Ketanji Brown Jackson confirmed as a member of the U.S. Supreme Court

The confirmation of Ketanji Brown Jackson to the U.S. Supreme Court by the U.S. Senate is “tremendously historic.” Spokeswoman Jen Psaki announced this at a regular briefing.

All 50 Democrats and three Republicans in the Senate supported President Joe Biden’s nomination, while the remaining 47 Republicans opposed it.

“Obviously, this is a tremendously historic day in the White House and in the country. And it is the fulfillment of a promise that the president has made to the country,” Psaki said, referring to the Senate decision.

Jackson, 51, became the first black woman to serve on the nation’s Supreme Court. She served as an appeals court judge in the D.C. metropolitan area. Jackson tends to favor liberal ideas when deciding controversial legal issues. A swearing-in ceremony for Jackson is expected to take place soon.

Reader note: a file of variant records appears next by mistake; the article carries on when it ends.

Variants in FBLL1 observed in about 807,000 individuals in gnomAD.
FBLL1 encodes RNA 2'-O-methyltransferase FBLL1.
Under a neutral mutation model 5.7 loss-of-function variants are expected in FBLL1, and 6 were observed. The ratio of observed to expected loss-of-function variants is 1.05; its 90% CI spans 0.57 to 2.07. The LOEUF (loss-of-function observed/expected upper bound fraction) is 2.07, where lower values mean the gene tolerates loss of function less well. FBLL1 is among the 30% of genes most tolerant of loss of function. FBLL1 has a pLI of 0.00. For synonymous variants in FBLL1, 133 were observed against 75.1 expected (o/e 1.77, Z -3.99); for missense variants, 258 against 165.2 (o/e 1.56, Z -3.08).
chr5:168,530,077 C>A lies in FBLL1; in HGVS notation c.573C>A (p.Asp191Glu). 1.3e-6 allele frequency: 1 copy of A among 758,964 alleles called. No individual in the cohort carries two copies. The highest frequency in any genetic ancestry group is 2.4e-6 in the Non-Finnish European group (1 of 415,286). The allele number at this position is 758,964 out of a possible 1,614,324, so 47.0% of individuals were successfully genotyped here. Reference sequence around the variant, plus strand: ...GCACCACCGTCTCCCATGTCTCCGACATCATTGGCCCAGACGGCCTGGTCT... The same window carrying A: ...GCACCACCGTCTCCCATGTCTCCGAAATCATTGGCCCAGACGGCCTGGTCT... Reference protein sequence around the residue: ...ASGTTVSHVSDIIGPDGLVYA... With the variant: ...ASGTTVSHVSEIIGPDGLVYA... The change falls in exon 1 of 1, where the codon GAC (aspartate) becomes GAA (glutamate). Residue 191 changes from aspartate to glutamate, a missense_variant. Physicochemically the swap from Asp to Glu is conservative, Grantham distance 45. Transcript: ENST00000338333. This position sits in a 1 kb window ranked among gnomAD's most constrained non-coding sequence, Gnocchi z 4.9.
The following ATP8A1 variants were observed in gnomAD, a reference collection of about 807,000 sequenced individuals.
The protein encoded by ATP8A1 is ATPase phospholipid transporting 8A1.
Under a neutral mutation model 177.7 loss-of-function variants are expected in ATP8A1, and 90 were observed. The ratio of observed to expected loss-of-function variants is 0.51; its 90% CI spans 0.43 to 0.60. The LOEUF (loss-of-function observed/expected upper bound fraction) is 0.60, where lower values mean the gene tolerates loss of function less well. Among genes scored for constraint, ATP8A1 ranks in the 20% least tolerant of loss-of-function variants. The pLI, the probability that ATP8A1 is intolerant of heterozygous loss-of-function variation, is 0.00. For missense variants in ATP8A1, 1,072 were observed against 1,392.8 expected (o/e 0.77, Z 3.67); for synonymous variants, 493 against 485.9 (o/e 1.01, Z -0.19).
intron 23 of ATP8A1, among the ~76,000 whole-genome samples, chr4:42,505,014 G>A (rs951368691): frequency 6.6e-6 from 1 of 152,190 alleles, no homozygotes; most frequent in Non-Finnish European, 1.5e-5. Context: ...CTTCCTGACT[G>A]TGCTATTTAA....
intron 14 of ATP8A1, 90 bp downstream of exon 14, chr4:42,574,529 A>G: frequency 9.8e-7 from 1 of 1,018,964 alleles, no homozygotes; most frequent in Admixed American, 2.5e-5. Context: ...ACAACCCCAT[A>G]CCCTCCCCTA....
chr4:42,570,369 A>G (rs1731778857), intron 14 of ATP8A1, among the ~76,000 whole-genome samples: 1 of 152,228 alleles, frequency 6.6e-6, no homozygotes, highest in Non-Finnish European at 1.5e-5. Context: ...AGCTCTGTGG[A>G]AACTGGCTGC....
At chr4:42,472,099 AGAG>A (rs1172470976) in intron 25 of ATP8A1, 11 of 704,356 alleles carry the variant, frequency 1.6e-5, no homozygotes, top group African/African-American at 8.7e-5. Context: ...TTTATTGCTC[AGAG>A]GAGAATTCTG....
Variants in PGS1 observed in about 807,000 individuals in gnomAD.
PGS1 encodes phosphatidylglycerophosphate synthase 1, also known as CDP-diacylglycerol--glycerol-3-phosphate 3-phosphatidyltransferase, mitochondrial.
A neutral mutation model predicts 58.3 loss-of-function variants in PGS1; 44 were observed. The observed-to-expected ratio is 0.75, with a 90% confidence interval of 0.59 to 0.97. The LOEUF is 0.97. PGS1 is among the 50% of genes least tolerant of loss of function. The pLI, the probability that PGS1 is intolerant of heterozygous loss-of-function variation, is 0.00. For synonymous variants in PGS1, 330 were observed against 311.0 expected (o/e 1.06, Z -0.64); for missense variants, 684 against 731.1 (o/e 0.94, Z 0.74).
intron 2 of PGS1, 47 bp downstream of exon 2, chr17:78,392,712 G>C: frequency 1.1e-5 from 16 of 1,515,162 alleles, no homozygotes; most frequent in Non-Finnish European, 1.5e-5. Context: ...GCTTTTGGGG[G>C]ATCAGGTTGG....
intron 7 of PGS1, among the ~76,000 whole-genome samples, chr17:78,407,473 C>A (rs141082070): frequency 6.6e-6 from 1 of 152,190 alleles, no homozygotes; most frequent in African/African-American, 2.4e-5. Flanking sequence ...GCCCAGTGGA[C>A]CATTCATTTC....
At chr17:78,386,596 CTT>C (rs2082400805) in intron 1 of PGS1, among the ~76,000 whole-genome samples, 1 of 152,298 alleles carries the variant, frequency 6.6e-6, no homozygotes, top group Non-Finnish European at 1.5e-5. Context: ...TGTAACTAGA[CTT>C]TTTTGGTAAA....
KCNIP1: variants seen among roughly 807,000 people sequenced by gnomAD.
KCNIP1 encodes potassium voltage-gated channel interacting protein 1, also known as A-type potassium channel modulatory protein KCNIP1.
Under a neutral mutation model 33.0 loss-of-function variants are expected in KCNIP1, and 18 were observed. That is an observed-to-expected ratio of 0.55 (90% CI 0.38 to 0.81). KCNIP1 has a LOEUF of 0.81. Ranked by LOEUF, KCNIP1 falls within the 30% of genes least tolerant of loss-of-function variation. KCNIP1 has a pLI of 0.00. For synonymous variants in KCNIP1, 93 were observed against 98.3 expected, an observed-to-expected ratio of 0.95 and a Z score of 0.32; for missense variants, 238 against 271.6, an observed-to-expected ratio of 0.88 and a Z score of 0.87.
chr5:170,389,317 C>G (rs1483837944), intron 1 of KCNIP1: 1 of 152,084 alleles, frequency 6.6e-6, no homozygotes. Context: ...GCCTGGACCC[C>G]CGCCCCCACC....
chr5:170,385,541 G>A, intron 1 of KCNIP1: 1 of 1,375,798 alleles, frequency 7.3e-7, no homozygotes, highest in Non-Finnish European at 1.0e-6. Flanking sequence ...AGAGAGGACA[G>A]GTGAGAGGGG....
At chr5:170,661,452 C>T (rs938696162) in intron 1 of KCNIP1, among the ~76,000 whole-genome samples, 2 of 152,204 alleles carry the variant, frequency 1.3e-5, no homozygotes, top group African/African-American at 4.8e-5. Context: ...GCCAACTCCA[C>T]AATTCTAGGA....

Federal judges in the USA are appointed for life on the nomination of the head of state. The candidates are considered by U.S. senators. Presidential judicial appointments are the most “long-lasting” and perhaps the most important part of their domestic political legacy. There are nine members of the Supreme Court. A seat on the Supreme Court will become vacant as one of its members, 83-year-old Stephen Breyer, intends to retire in the summer. He announced these plans in January.

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